If ocular symptoms are troublesome, consider initial use of topical H1-antihistamines (e.g. azelastine, ketotifen, levocabastine or olopatadine).

If long-term treatment for ocular symptoms is necessary, consider a topical mast-cell stabiliser (e.g. cromoglycate or lodoxamide). Explain that onset of therapeutic effect may take up to 2–4 weeks.

Avoid topical alpha agonist vasoconstrictors (including in combination with antihistamines) because they can cause conjunctivitis medicamentosa.

 

Provide an allergic rhinitis treatment plan.

 

If the response to an intranasal corticosteroid alone is inadequate despite regular daily use and correct spray technique, add an intranasal antihistamine and continue intranasal corticosteroid.

 

If allergic rhinitis symptoms are uncontrolled despite regular use of an intranasal corticosteroid alone or in combination with an intranasal antihistamine, consider specialist referral.

 

Advise patients with allergic rhinitis to avoid tobacco smoke. Explain that smoking worsens both asthma and allergic rhinitis, and can reduce the effectiveness of treatment.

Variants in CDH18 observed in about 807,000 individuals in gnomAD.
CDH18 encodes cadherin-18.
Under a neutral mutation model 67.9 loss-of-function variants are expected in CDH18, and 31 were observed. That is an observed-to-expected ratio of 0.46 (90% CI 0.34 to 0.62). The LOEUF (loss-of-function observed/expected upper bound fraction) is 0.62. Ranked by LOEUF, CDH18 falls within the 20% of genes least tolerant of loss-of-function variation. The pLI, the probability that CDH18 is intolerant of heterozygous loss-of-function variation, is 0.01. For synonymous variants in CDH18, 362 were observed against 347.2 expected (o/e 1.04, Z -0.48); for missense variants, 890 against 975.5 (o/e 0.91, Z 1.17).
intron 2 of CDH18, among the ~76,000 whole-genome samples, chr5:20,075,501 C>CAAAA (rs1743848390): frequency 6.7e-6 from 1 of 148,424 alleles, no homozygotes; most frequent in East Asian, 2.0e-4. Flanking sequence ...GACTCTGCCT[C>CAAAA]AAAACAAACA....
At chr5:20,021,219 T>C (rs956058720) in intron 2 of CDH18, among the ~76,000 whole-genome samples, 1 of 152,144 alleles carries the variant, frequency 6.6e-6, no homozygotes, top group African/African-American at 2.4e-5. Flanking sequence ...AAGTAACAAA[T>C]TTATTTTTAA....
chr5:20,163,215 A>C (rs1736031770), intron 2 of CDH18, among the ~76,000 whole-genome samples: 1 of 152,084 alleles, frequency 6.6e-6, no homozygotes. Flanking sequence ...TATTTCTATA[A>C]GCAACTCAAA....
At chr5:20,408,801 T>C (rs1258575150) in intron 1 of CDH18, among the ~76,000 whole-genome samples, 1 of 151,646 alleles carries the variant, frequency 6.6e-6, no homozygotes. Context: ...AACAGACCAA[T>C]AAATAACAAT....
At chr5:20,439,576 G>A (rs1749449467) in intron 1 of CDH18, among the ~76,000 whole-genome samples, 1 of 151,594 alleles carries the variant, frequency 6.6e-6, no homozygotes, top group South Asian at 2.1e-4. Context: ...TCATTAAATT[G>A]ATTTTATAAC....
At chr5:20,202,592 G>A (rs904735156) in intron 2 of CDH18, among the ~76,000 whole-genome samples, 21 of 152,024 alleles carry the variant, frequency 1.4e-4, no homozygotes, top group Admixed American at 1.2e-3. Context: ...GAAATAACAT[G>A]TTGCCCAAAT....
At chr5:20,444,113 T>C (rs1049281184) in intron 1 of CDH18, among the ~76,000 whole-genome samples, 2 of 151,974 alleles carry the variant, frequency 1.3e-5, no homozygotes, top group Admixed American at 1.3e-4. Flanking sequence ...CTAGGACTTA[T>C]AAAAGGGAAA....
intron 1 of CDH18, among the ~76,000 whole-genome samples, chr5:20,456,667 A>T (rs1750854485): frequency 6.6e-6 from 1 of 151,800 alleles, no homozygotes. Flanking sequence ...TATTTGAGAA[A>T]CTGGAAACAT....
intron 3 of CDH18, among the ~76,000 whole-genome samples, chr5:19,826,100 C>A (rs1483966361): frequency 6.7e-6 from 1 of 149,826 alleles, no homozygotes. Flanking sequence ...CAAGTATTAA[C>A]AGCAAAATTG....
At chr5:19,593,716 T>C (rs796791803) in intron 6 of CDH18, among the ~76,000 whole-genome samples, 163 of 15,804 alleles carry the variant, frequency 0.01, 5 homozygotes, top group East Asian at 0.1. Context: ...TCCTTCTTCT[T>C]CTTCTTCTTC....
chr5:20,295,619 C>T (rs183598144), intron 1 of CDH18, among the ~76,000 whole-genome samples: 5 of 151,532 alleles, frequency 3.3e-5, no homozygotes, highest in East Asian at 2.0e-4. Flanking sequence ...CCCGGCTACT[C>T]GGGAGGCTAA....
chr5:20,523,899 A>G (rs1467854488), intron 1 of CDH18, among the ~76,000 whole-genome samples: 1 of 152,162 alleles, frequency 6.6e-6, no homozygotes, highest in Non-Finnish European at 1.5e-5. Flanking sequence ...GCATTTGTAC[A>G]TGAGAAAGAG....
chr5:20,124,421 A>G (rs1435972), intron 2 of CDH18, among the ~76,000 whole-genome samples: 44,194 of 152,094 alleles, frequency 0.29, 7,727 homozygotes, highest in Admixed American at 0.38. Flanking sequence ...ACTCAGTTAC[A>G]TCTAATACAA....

Consider nasal irrigation with saline solution or saline nasal sprays as well as drug treatment.

 

Consider specific allergen immunotherapy in patients with allergic rhinitis or allergic asthma who have a history of proven, clinically important sensitisation to a particular allergen that cannot feasibly be avoided and for which specific allergen immunotherapy is available.

 

Warn people with allergic rhinitis and allergy to ryegrass pollen (i.e. most people with springtime allergic rhinitis symptoms) that they may be at risk of thunderstorm-triggered asthma if they live in, or are travelling to, a region with seasonal high grass pollen levels – even if they have never had asthma symptoms before.

 

For all patients at risk of thunderstorm-triggered asthma (e.g. because they have seasonal allergic rhinitis and/or asthma with grass pollen allergy, and are living in or travelling to an area with high grass pollen levels), provide advice on:

  • continual or prophylactic seasonal use of inhaled corticosteroids for asthma, as indicated (see recommendation below)